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Image and rituals in Newar Buddhism

By Anne Vergati

Dec 10th 2009

Mise en place du mandala de Vajradhatu
par le vajracarya le premier jour du rituel.

The distinguishing feature of Newar society
in the Kathmandu Valley is the coexistence between Buddhism and Hinduism
for centuries. On the level of personal religion the Newars define themselves
as Hindus or Buddhists and employ a Buddhist priest (vajracarya)
or a Hindu priest (Brahman). Religious syncretism is present especially
in the texts and pilgrimage guides. It is important to draw a distinction
between rituals described in the texts and religious practices. The
texts are known only by those who can read the religious texts, in this
case, the priests. The inhabitants of the Valley are familiar with the
images of the gods and goddesses and their symbols. In the unfolding
of each ritual, oral tradition plays a considerable part.

The rites
de passage give a social and ethnic identity. Among the Newars are two
specific rituals: the ritual marriage of pre-puberty girls (ihi)
with a god, Vishnu Narayana for Hindus and Buddha Vairocana, the lord
of the Body, for Buddhists. The second ritual, called bhimaratha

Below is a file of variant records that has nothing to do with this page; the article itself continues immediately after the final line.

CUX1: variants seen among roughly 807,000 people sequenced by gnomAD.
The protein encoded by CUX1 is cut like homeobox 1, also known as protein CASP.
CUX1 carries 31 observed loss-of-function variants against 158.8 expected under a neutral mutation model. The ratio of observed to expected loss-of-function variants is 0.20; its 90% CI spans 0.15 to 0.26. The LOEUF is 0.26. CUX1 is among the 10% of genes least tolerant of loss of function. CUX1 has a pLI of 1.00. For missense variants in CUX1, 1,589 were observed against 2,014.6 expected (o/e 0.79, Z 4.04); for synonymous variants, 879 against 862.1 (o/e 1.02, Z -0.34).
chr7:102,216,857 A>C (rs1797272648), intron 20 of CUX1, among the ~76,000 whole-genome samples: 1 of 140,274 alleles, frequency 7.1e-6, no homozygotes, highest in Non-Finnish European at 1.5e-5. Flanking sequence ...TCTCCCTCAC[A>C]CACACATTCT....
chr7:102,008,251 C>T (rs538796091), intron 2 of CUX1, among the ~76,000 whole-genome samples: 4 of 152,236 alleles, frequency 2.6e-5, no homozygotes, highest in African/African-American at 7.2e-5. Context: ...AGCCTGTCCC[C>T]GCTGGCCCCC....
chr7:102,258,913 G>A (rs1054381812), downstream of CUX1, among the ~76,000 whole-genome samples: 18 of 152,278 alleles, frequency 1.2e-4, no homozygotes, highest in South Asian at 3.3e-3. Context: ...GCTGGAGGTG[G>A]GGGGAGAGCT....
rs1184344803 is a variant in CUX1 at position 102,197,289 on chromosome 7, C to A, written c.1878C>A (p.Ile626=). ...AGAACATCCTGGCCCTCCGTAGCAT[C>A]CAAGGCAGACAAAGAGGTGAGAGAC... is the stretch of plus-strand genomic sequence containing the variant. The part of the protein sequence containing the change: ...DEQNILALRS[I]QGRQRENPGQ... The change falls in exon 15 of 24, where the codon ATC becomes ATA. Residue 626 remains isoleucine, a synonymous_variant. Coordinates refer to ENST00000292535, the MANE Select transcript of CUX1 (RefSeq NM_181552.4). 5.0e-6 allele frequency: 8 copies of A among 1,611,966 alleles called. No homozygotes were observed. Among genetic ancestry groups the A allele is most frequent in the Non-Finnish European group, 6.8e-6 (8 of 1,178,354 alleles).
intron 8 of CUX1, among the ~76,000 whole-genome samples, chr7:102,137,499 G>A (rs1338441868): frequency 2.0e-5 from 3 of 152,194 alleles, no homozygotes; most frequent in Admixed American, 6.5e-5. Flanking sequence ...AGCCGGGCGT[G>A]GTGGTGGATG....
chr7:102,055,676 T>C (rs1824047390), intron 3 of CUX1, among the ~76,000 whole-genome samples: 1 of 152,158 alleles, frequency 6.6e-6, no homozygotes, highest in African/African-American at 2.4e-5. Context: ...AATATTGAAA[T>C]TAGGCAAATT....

or bura jyanko is celebrated by a man or a woman who has reached
the age of 77 years, 7 months and 7 days and insures the passage of
a person from the world of men to the world of the gods.

The ritual of marriage, a collective ceremony, celebrated by Buddhists
took place in the eastern part of the Valley at Thimi in 1984. The first
day began with the setting up of a mandala of Vajradhatu; Buddha
Vairocana is placed in the centre. A statue of Buddha Vairocana had
been made at Patan and was consecrated by the Buddhist priest after
the setting up of the mandala. The measuring of the body of the
young girls makes the second part of the unfolding of the first day's
ritual. The marriage ritual with the gift of the young woman and the
walking procession around the fire take place on the second day in presence
of the priest.

A part from the priests, two other categories
play a significant role in the unfolding of the rituals: painters and
potters. Only the priest knows the text in newari and Sanskrit which
will be used during the celebrations of the ritual. The links
between the image of Buddha Vairocana and the text used by the priest
are clear but the ritual objects like the vajra or the bell have
as much importance as the images.